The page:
Collapsing markets, bank sell-offs, mergers, then some recovery and finally the USA's Federal Reserve talking about a rescue plan, have all contributed to what might be called an ‘interesting' week.
Many of those I talk to are simply bewildered and, like the proverbial rabbit caught in the headlights, find themselves unable to make a move in any direction.
But perhaps this should be seen as a useful opportunity to look at the glass and realise that it is half full, rather than half empty. Take a minute or two to think about why we choose to invest our hard-earned cash and whether there are any rules, as such, that might help.
One of the major problems is that, in the past, a crash has prompted investors to rush into cash to protect themselves. But this time it is those very bastions of risk mitigation that have left us wondering what to do.
So why do we invest? To make money of course — and the quicker the better.
And it is the latter desire on this occasion that has caught us out. Need an example? The whole world here appeared to dive into residential property as the market started rising and then rising more quickly.
Investors could not wait to get in and failed to notice the market slowing even before the current, financial difficulties.
The result is that they are now faced with propping up the mortgage on a property that has fallen in value. These are the very same investors who tended not to be in stocks, for the very reason that they thought property was the better bet. Now they are in a quandary.
There are, however, some basic rules, a sort of commandments for investing:
- Do not put all your eggs in one basket.
- Recognise that past performance is no guide to future performance.
- Do not be so exuberant that you forget that eggs drop, cookies crumble, bubbles burst and that that which goes up will eventually come down — even property.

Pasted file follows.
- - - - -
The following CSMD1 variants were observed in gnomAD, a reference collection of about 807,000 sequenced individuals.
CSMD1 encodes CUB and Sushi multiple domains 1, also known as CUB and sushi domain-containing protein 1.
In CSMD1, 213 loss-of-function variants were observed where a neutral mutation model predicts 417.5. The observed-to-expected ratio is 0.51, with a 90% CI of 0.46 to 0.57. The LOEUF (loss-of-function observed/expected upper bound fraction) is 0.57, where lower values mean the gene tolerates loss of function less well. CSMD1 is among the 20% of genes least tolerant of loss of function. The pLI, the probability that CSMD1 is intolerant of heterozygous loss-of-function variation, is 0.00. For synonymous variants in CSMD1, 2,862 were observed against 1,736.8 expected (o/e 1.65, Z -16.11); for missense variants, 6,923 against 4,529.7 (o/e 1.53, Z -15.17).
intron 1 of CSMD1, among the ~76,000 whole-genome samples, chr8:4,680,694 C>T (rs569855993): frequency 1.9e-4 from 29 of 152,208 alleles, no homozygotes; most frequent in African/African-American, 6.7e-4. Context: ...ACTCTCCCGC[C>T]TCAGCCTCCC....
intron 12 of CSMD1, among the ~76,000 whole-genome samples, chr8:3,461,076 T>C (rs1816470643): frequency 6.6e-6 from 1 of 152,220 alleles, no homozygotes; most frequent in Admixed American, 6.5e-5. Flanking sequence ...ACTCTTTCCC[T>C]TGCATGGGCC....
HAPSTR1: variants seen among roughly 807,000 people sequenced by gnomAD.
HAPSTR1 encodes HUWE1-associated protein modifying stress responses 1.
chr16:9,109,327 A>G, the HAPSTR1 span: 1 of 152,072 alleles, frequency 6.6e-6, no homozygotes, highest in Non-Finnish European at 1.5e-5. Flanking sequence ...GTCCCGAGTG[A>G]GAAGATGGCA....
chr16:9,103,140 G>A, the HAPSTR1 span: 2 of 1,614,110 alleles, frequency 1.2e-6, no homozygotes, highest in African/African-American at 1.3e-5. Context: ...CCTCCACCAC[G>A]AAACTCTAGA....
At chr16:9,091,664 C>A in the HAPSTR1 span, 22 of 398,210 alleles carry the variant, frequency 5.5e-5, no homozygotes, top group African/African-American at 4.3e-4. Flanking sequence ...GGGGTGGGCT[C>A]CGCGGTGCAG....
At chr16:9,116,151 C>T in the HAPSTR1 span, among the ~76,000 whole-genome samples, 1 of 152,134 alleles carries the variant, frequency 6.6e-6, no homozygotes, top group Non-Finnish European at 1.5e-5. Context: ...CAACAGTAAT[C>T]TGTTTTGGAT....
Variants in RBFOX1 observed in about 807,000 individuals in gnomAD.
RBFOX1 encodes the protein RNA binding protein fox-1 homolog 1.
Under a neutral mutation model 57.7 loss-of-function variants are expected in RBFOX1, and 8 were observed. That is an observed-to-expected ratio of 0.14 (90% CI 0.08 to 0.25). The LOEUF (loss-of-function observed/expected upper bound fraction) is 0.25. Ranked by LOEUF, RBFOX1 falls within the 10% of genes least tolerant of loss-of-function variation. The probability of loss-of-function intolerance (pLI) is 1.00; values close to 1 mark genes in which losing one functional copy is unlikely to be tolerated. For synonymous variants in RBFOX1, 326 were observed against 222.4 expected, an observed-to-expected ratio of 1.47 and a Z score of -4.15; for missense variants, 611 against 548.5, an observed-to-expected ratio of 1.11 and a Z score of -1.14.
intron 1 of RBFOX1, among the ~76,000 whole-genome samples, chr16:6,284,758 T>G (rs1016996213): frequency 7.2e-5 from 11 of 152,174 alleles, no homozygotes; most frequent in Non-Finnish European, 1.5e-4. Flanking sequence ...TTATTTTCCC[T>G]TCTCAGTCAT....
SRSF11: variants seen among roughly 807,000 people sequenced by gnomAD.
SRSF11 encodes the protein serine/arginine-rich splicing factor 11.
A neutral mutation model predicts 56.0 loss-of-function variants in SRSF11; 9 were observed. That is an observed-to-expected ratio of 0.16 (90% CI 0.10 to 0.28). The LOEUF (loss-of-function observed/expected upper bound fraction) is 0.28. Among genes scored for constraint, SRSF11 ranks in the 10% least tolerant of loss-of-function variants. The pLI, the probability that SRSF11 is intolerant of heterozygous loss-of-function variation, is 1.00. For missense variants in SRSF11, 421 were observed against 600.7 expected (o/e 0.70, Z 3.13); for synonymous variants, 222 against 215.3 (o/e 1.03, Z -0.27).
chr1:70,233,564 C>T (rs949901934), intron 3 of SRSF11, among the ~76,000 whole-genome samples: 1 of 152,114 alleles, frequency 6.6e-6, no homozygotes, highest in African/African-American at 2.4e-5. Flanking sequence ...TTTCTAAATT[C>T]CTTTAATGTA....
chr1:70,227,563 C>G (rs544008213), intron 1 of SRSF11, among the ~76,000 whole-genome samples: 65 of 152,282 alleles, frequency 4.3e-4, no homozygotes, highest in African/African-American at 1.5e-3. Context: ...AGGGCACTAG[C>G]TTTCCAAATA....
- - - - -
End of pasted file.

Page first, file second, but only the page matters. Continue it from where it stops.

- Do not invest in anything that you do not fully understand — especially if it sounds too good to be true.
- Do not take any investment risk that you will lose sleep over.
- Remember that if you constantly change funds it will cost you and reduce your returns in the long run.
- Remember that despite all the modern investment techniques, doing a proper asset allocation exercise will increase your chances of success over the long term.
- Remember that if you do not save on a regular basis, then maintaining your current lifestyle at the point when you decide to stop full time employment, will be difficult and not likely to support three holidays per year, two cars and all the local jollifications that you currently take for granted.
- And lastly — make a plan. More specifically, calculate that vital ‘target' amount — the amount that you think will enable you to maintain your current standard of living.
We may be in the midst of chaos and turmoil but, as I said at the outset, this could also be seen as an opportunity to put our own investment house in order whilst the powers that be try to resolve the problems of the financial system as a whole.
Nicholas Watts is an independent financial adviser with Positive Solutions Financial Services which is regulated by the Financial Services Authority. To contact him, use the website www.realwealthmanagers.co.uk